Biden win weighs on US dollar
The stampede out of US dollars continued Friday and into today, as investors moved out of defensive positioning and into pro-cyclical postures. With a Biden presidency expected to be more in favour of global trade, and more Federal Reserve easing inevitable, the US dollar index fell 0.32% on Friday and has reduced another 0.07% to 92.17 this morning.
The dollar index is now within shouting distance of its September lows at 91.75, with a failure greenlighting more US dollar selling. It is a measure of just how much capital was sitting on the side-lines waiting to deploy, that the dollar index has fallen from a high of 94.30 a mere three trading sessions ago. Notably, it has failed twice ahead of its 100-day moving average (DMA) over the past week.
Nowhere have those gains been more evident than with USD/JPY, which has fallen to 103.40 today, having traded as high as 105.40 last week. USD/JPY should initially target the 102.00 regions this week, but the concerns within the Japanese government are already there, with Japans recovery reliant on its export sector. Officials in Japan have already started “watching FX with urgency” rhetoric. There is little to no chance of the Ministry of Finance intervening at this stage but expect the “noise” to ramp up from the MoF as USD/JPY heads lower. The 100.00 level is likely to be their unilateral line in the sand.
The previously unloved Indonesian rupiah has been Asia’s standout performer, having rallied some 3.30% in the past week from 14,600 to USD14,120 this morning versus the dollar. The return of confidence in markets elsewhere from a pre-election deep freeze appears to have unlocked Indonesia as a value-trade. I also suspect the ever-active Bank of Indonesia to have helped the process along by selling USD/IDR.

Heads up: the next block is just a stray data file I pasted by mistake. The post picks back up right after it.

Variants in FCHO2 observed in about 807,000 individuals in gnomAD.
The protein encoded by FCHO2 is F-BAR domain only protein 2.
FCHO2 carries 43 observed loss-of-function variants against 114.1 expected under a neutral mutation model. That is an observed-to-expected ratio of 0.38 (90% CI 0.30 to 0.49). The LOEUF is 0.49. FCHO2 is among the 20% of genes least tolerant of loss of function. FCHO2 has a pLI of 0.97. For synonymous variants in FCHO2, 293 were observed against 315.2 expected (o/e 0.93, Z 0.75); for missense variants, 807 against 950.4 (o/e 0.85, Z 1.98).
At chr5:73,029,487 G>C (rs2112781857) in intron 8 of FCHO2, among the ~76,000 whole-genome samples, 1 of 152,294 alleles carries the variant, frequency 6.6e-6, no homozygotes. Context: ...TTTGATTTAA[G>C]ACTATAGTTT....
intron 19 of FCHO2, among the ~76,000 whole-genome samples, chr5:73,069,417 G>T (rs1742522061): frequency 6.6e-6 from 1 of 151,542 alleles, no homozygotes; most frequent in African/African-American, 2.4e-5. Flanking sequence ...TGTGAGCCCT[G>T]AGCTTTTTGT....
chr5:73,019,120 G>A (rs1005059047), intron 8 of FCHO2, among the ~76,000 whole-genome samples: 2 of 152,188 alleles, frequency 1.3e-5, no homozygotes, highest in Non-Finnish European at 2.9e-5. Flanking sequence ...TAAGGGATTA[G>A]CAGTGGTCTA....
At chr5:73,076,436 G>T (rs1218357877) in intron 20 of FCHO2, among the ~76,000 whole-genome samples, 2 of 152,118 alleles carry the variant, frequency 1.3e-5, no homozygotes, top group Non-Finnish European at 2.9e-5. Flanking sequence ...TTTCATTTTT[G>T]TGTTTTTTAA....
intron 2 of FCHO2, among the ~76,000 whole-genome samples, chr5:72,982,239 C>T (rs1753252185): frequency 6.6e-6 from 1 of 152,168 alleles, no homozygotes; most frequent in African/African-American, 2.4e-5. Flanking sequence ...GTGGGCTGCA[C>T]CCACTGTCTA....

In contrast, the Korean won has hit 18-month highs today versus the greenback, USD/KRW breaking support at 1120.00 on its way to 1114.40. The Bank of Korea is unlikely to be happy with this development, and we can expect the BoK to be intervening to slow the pace of won appreciation sooner rather than later.
The Chinese yuan is also at near-18-month highs today, USD/CNY falling to 6.5760 today, boosted by the balance of trade data and a Biden presidency expected to be more China benign. The PBOC has signalled its comfort with a stronger currency, and offshore flows continue from international investors piling into onshore government bond markets with their juicy yields. I expect yuan strength to continue, with the PBOC possibly tinkering with some capital account rules to balance out the inflows, slowing appreciation.
The weaker dollar story is the real story and not individual outperformance of any one country or bloc. Asian currencies and their antipodean neighbours will continue to appreciate, as the pro-cyclical growth trade is released from captivity. Central bank interest in Asia, Indonesia excepted, is likely to be limited to smoothing appreciation, to make sure their currencies remain running in the pack, and not ahead of it.